Doctor: Talk show triggered trauma

Posted: Sunday, January 27, 2002

A Juneau woman who was ridiculed and lewdly taunted on a nationally syndicated radio talk show was traumatized by the experience and suffered severe emotional illness, two people who treated her testified Friday in Juneau Superior Court.

The psychiatrist and psychotherapist who treated Karen Carpenter admitted, however, they did not independently verify Carpenter's account of her emotional or physical condition before the radio show and in the months just after it.

Carpenter, 51, is suing talk show host Tom Leykis and the production company Westwood One, of the Los Angeles area, alleging they intentionally inflicted serious emotional harm by ridiculing her on a July 24, 1998, broadcast and encouraged listeners to contact her at home. Carpenter is seeking compensation and punitive damages in the civil trial, which began Wednesday.

Leykis today is heard on more than 60 radio stations across the nation by a collective audience of about 2 million people, Westwood One said. Leykis and his callers often talk about sex and he encourages women motorists to bare their breasts on what he calls Flash Fridays.

The dispute stems from Carpenter's effort in July 1998 to get local station KJNO-AM to cancel the Leykis show, which aired in the afternoon, because she considered it vulgar. She wrote to the station to say she had contacted several local advertisers and KJNO would be picketed soon.

"My concerns were about the content of the Tom Leykis Show being in the afternoon hours, when children were most likely to be out there listening," Carpenter testified Friday. She said she wasn't part of an organized effort to remove the show.

Leykis read the letter over the air on the show's final broadcast in Juneau, named Carpenter, and called her a moron and a cretin. He suggested that she needed sex and he played the sound effect of a vibrator. He asked if she was getting sexually aroused, and said he was enjoying himself and was aroused.

A tape exists of the first two hours of the four-hour broadcast, and the jury heard it Thursday. A caller from Juneau gave out part of her home phone number - the show blocked some digits - and her entire home fax number and suggested that "everybody should give her a piece of our minds."

A friend of Carpenter, who was working outdoors while listening to the July 24 show, testified Thursday that someone in the second half of the show, for which there is no tape, gave out all of Carpenter's home phone number.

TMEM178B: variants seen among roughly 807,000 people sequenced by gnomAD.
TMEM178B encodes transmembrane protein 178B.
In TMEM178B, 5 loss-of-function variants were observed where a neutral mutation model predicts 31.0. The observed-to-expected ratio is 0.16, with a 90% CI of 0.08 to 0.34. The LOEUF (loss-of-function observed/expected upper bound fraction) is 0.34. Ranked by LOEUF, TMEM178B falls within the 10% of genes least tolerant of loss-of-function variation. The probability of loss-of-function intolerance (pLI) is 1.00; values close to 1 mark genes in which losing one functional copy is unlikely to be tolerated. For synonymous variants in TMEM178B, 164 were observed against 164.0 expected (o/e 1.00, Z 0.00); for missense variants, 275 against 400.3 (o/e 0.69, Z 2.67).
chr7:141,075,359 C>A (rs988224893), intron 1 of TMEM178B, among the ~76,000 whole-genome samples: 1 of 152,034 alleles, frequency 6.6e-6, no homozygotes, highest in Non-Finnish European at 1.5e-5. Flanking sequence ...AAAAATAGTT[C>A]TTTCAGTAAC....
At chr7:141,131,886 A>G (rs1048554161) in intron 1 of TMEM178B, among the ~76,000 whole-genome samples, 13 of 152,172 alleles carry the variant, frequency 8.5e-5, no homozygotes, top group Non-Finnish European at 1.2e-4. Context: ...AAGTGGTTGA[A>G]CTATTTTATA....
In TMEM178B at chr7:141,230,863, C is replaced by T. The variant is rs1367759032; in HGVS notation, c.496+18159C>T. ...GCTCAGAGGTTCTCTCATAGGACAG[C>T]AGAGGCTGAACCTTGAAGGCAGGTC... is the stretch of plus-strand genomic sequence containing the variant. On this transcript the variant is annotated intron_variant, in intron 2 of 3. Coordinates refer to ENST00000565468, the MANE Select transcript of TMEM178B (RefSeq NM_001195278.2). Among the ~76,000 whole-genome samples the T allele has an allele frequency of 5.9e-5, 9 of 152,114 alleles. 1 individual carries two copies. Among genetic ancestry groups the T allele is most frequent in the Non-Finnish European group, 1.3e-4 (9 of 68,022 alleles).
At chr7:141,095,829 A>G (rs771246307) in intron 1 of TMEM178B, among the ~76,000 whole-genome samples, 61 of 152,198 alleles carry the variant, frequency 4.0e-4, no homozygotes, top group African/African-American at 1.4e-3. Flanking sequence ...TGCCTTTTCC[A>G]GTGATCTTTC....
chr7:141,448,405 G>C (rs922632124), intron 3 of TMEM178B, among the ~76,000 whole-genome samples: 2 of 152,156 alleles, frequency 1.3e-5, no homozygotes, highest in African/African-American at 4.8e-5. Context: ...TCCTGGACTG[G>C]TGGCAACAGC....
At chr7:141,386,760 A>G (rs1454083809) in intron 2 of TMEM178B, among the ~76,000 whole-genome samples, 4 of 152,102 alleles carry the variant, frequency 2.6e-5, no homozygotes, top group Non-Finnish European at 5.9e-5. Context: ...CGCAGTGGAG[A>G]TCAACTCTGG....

Carpenter's attorneys will have to show that she suffered severe emotional distress and that Leykis intended to cause that.

Psychotherapist Virginia Hayes and Dr. Charles Ellis testified that each diagnosed Carpenter with post-traumatic stress disorder in December 1998 after interviews of about one hour, when she came to the city's mental health center seeking a doctor's signature for her application for some type of public assistance. Both later treated her, and Ellis prescribed anti-depressant medication.

"She was afraid that someone was going to come to her house and physically harm her," Ellis said on the stand Friday.

"Her home, her sanctuary, was invaded in some very cruel ways," Hayes said, referring to phone calls and faxes Carpenter received after the broadcast.

Hayes and Ellis said their observations of Carpenter in the interviews matched what she said about her emotional condition since the radio show. Carpenter told Hayes she slept and ate erratically, had lost eight pounds in a few months, and had several panic attacks, one of which sent her to Bartlett Regional Hospital's emergency room to see if she had had a heart attack.

People who have the disorder often have flashbacks or nightmares about the original trauma, and they can be depressed, anxious, hyper-vigilant or feel numb, Ellis said.

Defense attorney Leslie Longenbaugh asked Hayes and Ellis how they knew Carpenter wasn't malingering, which refers to exaggerating or faking symptoms for self-gain, such as getting disability payments.

Longenbaugh's cross-examination showed that Hayes and Ellis didn't independently verify what Carpenter's emotional or physical condition was before the radio show and in the six months since the show and before she saw them. But both therapists said they ruled out malingering.

Hayes said she saw Carpenter 27 times for therapy between July 1999 and June 2000. Ellis saw her six to eight times for therapy starting in May 2000, he said.

Ellis, who said he has worked as a psychiatrist in Juneau since 1992, said he has treated hundreds of people here for post-traumatic stress disorder and saw many cases of it earlier in his career working with Southeast Asian refugees. He also has worked in state prisons and said he had seen many malingerers there.

The trial is scheduled to continue Monday with further testimony from Carpenter, who is a ceramic and silk-screen artist and has owned and worked in gift shops in Juneau.

While Leykis is in Juneau he is broadcasting from a studio at KTOO radio. Thom Ferro, an executive at Westwood One, said Leykis does not mention the trial in his broadcasts. The show does not air in Juneau.

Eric Fry can be reached at

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